There’s a graveyard on the Moon
Most of the 200 tons of trash on the Moon is space junk and ephemera crash-landed or left behind by the 12 astronauts who have visited since 1969: abandoned satellites, spent rockets, cameras, backpacks, and golf balls. But among the detritus on the Moon are the ashes of Eugene Shoemaker, one of the founders of the field of planetary science, sent skyward by NASA in a polycarbonate capsule.
“Lunatics” can blame the Moon
In the middle ages, scientists and philosophers believed that a full moon caused seizures and influenced episodes of fever and rheumatism. Because of the connection between the moon and unusual behaviour, the afflicted were called lunatics, or, literally, “moon sick.”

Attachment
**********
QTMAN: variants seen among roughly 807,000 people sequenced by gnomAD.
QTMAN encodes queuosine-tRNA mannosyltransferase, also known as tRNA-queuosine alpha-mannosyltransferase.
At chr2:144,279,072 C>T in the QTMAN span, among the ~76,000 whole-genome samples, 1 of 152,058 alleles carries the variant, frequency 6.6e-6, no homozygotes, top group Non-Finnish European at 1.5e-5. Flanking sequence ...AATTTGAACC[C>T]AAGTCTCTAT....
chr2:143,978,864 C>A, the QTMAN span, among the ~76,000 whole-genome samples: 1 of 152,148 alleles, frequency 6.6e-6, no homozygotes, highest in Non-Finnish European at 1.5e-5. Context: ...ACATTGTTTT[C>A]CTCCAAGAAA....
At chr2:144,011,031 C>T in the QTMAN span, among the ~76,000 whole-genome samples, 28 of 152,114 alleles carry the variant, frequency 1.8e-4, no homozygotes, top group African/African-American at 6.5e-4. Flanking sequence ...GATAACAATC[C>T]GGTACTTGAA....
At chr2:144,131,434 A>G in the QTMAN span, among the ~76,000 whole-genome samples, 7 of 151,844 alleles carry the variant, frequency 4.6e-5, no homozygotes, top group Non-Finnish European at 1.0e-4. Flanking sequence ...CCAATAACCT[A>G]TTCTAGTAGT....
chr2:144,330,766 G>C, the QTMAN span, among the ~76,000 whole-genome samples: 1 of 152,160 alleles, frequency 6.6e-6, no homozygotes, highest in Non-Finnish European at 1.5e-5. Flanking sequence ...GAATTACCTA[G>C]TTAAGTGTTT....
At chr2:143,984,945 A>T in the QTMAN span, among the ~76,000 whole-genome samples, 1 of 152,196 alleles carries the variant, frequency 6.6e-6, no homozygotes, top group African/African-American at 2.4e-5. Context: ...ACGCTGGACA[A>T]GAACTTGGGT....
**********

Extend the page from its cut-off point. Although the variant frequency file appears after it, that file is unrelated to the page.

The Moon is disappearing
There are fresh footprints on the Moon’s surface
Man hasn’t set foot on the Moon in more than four decades, and yet, fresh prints remain. Is this evidence of an alien life form? Is Bigfoot taking up extra-planetary residence? Nah, they’re just leftover astronaut footprints. Because there’s no wind or water on the Moon, tracks can last millions of years.
A full moon might keep you awake
In a small study from the University of Basel in Switzerland, subjects monitored closest to a full moon experienced less deep sleep, produced less melatonin, and took five minutes longer to fall asleep that those monitored during other times of the month. Sleep researcher Marie Dumont, who wasn’t involved in the study, suggests that the full moon could indirectly affect the internal body clock by increasing volunteers’ exposure to light in the evening.
The truth about the blood moon
As many people witnessed in late September 2015, the moon really can turn an eerie shade of red under the right conditions. But despite werewolf warnings and apocalypse alerts, scientists define the so-called “blood” moon as a purely astrological event when the earth casts a rust-colored shadow on the Moon’s surface.